Beef and horseradish is one of my favourite things. However, it’s not something I’d associate with salad. More with a massive roasted joint of meat, lots of crispy, beautifully rendered and seasoned fat served with lots of roast vege and maybe even Yorkshire puddings.
Weather-wise, we’re not quite into roasted meat territory here. But this salad is a great way of enjoying beef and horseradish even if you’re cooking on the BBQ. It doesn’t need to be served hot – we had this as part of our Easter feast and the meat was cooked in advance and left to rest. The salad (bar the avocado) was prepped in advance, as was the dressing. This meant when it came to serving, all I had to do was cut the meat and the avocado and we were good to go.
I daresay this is pretty healthy but it’s also delicious and easy. I recommend cutting the onion and cucumber using a mandolin – otherwise slice as finely as possible. You might want to hold off chopping the cherry tomatoes until the last minute too.
This recipe is based on one I found on Taste. I’ve made changes to suit the household’s preferences.
Get the steak out of the fridge around half an hour before cooking. Heat your favourite steak cooking pan with fat of choice (we use olive oil, my parents swear by a mix of olive oil and butter). Season the steak well and cook in the hot pan until done to your liking. Don't over crowd the pan - if you've got closer to 800g of steak you'll need to do at least 2 batches.
Set the steak aside to rest (covered with tin foil).
To make the dressing, mix the sour cream, horseradish and lime juice. This is a thick dressing - not a pourable one - so you don't have to add loads of lime juice.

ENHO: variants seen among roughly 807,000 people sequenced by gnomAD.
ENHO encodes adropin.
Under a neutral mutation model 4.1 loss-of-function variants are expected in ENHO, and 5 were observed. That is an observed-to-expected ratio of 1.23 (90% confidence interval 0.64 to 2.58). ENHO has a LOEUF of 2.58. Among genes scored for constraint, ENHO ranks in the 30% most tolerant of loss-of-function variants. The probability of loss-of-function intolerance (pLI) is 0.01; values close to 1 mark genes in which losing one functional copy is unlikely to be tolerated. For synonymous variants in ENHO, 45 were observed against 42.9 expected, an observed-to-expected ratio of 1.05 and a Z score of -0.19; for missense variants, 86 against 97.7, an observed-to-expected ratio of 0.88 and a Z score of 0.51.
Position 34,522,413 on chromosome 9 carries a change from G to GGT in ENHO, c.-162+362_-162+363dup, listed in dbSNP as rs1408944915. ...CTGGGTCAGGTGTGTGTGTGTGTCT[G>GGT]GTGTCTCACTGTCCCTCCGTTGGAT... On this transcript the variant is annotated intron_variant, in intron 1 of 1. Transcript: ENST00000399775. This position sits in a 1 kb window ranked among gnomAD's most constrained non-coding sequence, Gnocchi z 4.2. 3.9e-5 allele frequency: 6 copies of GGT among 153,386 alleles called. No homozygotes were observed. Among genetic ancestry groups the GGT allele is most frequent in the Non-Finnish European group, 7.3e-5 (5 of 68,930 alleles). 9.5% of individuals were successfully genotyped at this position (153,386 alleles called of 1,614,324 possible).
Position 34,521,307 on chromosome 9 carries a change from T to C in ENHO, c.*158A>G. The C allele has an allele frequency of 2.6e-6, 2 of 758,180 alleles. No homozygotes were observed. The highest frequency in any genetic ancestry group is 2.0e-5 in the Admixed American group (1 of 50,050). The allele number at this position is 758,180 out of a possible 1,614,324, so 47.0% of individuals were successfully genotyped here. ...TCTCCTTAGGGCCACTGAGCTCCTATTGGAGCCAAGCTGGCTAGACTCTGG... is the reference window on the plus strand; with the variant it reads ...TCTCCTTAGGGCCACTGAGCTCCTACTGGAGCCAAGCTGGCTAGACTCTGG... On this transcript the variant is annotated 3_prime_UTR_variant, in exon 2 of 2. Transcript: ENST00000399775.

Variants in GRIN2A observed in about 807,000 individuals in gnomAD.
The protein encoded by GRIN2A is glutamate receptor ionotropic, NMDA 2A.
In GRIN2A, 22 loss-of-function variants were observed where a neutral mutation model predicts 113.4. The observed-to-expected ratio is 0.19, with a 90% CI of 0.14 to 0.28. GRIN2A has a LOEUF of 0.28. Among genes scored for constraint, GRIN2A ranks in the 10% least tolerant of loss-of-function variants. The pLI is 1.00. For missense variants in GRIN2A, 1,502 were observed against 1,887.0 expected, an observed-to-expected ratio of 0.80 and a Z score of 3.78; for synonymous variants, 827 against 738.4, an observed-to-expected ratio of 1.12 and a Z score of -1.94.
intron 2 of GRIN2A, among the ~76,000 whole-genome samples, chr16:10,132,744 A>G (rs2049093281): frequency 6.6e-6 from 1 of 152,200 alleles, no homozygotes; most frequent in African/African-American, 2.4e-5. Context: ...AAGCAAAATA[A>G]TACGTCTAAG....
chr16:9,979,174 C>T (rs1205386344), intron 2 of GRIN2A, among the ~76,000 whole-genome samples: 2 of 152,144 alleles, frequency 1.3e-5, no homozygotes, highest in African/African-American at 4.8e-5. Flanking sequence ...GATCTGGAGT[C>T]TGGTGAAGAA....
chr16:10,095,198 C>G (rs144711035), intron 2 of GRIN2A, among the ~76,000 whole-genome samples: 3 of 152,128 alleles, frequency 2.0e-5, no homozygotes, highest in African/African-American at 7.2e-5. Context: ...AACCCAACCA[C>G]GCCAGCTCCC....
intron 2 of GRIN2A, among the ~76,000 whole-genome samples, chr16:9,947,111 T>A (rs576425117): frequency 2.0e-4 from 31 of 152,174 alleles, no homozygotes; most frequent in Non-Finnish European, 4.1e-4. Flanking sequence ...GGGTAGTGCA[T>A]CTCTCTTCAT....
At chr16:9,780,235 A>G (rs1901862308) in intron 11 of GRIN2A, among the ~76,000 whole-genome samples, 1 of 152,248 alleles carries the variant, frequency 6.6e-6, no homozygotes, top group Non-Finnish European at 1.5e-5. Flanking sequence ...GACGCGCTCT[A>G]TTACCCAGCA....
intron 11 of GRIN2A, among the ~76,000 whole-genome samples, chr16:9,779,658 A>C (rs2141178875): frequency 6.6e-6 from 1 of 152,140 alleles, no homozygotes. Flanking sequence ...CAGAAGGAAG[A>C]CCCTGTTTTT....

To create the salad, in a large bowl toss the leaves, onion and cucumber. Spread evenly over a large serving platter. Before serving add the sliced avocado and the quartered cherry tomatoes.
Finely slice the beef and add this to the top of the salad. Dot the dressing over and serve immediately.
Pass the dressing separately so people can add more if they wish.
Today, for the first time this ‘summer’ (it’s not actually summer yet), the mercury topped 40°C. Tomorrow’s 35 seems almost chilly by comparison (cough, splutter).
So it would seem that salad season is well and truly upon us.
I would love to pretend that we routinely eat interesting salads but … woooah, that is so not true. We throw some lettuce, tomato and cucumber on a plate. Maybe there’s also avocado or spring onions. And if I’ve thought ahead and been able to track down both Australian feta and olives then they’ll be on the plate too. I don’t like dressing, so that doesn’t even get a look in.
And you know what? I actually LIKE salad.
Anyway, my slender repertoire now has an extension.
A friend organised a ‘cookbook club afternoon’ (for want of a more pithy term). A book was chosen (Ottolenghi’s Jerusalem) and we were all to select different recipes and then come together and share our creations.